Monday, May 22, 2006
Stitches and sobs
Up we went on Friday to my parent' s in Penrith ready for me to take my two pieced quilt tops to the class at Morceau. I had saved the work to do there becuase when I first got my machine it chewed up the backing on a quilt when I attempted to machine qult. A replacement walkng foot was sent and on a small area on a bag it appeared to me fine but I was still nervous. So, with 'teacher' The basted quilt was examined and we decided to go for one long curved line down the length of the piece in a gorgeous variegated 'King Tut' thread in shades of gold and brown which I bought at the Trentham Gardens quilt show.
As soon as I started the machine jammed, the needle going up and down in place, no material being taken through the feed dogs. 'Teacher' was called and I was given a beginners lesson in how to straighten the fabric, not to pull or push it and a demonstration line of beautiful quilting was done for me. Personally I couldn't see what I was doing any different. So we swapped places, I sat down and within seconds of 'teacher' going to another student the machine jammed again.
A second request for help lead to what I percieved ( I may be mistaken) to be a rather over patient 'OK let's deal with the idiot attention seeker' examination of my machine. Needles need to be changed. I have done. Yes, but When? At the start of class. Well put a new one in anyway. And machnes need to be cleaned. I know, I did it last night - and oiled it. Well, lets just look at it anyway. Oh yes it is clean isn't it? She had another sew. The end verdict - the machine is fine, it really is.
By now I am very frustrated and annoyed and also embarrassed. This is a small class and it is clear that I cannot achieve the most basic of practical tasks. So 'teacher' is merrily sewing along and I am trying to be nonchalant and telling everyone that I have christened the machine Damien when - lo! ( isn't that a good word?) - the machine jammed for her, makes a neat but unwanted knot on the back of the quilt and reduces it stitch size to minute and probably unpickable.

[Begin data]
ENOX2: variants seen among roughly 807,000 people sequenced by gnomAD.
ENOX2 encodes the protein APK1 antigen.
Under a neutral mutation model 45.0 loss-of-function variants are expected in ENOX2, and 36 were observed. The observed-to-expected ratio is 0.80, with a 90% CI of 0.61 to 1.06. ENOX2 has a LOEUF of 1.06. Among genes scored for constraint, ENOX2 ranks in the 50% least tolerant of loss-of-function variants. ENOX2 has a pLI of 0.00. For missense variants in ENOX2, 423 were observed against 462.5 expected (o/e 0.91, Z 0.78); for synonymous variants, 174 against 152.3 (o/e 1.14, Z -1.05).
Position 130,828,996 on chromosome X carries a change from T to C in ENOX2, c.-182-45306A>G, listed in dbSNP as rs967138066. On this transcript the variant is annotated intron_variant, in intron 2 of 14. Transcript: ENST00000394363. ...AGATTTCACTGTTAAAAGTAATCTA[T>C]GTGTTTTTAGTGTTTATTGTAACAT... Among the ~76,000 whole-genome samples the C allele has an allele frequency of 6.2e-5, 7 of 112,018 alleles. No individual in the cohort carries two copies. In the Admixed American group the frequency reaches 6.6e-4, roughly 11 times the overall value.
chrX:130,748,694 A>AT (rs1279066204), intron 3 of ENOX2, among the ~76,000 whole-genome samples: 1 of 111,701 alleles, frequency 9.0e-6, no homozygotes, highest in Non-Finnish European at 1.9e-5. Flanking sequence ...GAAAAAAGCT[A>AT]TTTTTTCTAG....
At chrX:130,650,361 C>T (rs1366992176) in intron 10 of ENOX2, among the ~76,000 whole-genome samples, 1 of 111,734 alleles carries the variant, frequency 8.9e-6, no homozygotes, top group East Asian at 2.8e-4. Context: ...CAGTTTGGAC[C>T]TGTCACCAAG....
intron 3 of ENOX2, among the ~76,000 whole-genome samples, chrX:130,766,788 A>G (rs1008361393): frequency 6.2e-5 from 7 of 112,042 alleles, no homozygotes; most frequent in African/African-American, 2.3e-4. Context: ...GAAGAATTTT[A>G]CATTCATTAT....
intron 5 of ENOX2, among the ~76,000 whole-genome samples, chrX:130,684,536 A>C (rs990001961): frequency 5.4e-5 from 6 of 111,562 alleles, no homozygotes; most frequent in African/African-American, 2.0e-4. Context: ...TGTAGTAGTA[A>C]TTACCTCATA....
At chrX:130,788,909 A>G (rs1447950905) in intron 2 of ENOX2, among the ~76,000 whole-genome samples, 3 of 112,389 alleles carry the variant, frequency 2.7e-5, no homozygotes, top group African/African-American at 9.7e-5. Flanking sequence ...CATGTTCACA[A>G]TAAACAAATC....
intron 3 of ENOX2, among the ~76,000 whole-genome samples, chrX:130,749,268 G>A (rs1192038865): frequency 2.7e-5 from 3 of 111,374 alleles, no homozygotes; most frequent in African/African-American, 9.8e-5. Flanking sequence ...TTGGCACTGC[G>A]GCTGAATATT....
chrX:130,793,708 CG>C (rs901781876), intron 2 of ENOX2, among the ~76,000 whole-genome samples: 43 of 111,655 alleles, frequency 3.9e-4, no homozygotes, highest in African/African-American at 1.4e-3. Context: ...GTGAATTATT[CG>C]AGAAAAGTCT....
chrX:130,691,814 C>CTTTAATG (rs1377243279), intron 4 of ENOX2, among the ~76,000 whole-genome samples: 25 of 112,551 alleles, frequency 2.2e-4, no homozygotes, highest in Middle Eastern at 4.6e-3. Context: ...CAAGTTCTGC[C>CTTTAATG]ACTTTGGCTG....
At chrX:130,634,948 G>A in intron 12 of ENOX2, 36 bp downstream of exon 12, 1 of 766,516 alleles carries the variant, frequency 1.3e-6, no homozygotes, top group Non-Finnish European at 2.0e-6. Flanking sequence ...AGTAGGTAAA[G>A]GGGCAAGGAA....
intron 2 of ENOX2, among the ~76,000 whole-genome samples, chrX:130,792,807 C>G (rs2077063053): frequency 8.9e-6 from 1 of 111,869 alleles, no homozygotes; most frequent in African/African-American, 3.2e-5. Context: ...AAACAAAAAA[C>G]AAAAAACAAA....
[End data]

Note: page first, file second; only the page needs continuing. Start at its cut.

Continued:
YES!! It is not me! I should I suppose have been happy but mortifyingly I burst into tears and had to go and stand on the stairs and regather myself. On return it was sugested that the next week I write a letter and see if they would swap the machine.
I went outside at once, rang, demanded, quoted the Sales of Good Act and was met with scepticism that it really was the machine and not me. Deep breath and an explanation of the evidence I had which could be produced (' the quilt it has just chewed up that I spent hours on' and the numbers of witnesses to such chewing and a slightly better attitude was forthcoming. ("Well, I wouldn't take a barrister to the small claims court."). Unsurprsingly the best attitude came when I said that I didn't want another machine the same I wanted to upgrade to a better one as I'd bought a basic model to see if I liked quilting and now I am as addicted as Tomy Docherty perhaps I should get a better one at this stage.
The next problem - all the people with authority in the company were in the Ukraine on a charity drive for Chernobyl kids. But ifI ring back on Wednesday having chosen a new model it shouldn't be a problem for them to collect the old one and deliver new at the same time.
I should have been happy and I did get a certain satisfaction from the amazed look on everyone's face when I went back in with the news but by this time I had wasted a day and spoiled a quilt. So there was only one thing for it - retail therapy in the shop downstairs. except that when I went to the patchwork section I realsied that the shop owner was in Loch Lomond at a show.... with most of her stock.
Not my finest day. Oh and did I say it was raining too? Still, the day after, I got to come home via Kennedy's chocolates shop, a new discovery of mine in Orton ( see picture). I haven't actually eaten any but knowing that the bag is in the fridge is cheering in itself. Oh and did I tell you I am getting a nice new fancy sewing machine .... :)